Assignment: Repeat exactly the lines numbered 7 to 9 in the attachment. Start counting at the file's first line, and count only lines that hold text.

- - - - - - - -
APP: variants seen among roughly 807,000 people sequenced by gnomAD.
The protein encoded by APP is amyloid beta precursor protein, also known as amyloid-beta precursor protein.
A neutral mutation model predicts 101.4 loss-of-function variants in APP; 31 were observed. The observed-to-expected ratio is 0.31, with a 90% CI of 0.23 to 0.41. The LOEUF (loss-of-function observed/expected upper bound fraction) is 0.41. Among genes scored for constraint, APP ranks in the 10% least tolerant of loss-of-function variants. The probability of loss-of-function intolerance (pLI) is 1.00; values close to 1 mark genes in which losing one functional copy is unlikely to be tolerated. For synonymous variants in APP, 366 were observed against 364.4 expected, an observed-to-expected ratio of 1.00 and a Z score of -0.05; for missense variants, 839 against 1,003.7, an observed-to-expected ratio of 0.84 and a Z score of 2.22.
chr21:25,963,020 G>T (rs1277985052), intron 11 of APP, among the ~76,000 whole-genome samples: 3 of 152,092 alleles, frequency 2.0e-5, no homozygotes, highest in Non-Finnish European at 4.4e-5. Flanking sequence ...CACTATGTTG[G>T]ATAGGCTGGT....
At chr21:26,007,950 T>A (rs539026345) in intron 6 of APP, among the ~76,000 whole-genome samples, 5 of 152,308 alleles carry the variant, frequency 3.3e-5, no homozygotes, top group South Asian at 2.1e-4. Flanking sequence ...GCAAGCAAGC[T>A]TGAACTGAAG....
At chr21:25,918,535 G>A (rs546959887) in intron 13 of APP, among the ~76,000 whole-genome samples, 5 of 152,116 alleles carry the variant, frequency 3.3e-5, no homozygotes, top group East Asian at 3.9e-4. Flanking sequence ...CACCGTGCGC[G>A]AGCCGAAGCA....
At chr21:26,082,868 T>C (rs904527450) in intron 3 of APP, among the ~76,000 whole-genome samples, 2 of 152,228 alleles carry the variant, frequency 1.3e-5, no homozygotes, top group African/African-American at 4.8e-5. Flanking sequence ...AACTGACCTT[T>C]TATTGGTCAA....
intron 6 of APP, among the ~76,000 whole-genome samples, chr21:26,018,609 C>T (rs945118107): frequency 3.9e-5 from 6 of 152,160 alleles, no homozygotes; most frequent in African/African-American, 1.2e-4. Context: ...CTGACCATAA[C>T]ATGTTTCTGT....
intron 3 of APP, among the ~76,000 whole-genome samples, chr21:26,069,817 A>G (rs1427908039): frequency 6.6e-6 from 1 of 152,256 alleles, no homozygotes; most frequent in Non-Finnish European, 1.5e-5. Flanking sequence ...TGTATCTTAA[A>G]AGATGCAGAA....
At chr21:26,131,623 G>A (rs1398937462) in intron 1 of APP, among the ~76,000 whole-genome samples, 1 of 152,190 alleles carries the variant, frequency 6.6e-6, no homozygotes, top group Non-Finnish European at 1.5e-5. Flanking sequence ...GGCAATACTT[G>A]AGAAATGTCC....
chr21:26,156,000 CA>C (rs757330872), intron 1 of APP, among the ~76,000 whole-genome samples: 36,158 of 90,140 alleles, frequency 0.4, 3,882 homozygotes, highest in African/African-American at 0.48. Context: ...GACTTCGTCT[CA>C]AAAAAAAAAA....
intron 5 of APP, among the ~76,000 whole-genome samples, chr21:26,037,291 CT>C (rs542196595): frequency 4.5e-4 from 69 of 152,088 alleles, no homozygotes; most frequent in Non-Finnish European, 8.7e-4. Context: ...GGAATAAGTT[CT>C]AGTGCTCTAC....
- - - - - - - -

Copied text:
At chr21:26,082,868 T>C (rs904527450) in intron 3 of APP, among the ~76,000 whole-genome samples, 2 of 152,228 alleles carry the variant, frequency 1.3e-5, no homozygotes, top group African/African-American at 4.8e-5. Flanking sequence ...AACTGACCTT[T>C]TATTGGTCAA....
intron 6 of APP, among the ~76,000 whole-genome samples, chr21:26,018,609 C>T (rs945118107): frequency 3.9e-5 from 6 of 152,160 alleles, no homozygotes; most frequent in African/African-American, 1.2e-4. Context: ...CTGACCATAA[C>T]ATGTTTCTGT....
intron 3 of APP, among the ~76,000 whole-genome samples, chr21:26,069,817 A>G (rs1427908039): frequency 6.6e-6 from 1 of 152,256 alleles, no homozygotes; most frequent in Non-Finnish European, 1.5e-5. Flanking sequence ...TGTATCTTAA[A>G]AGATGCAGAA....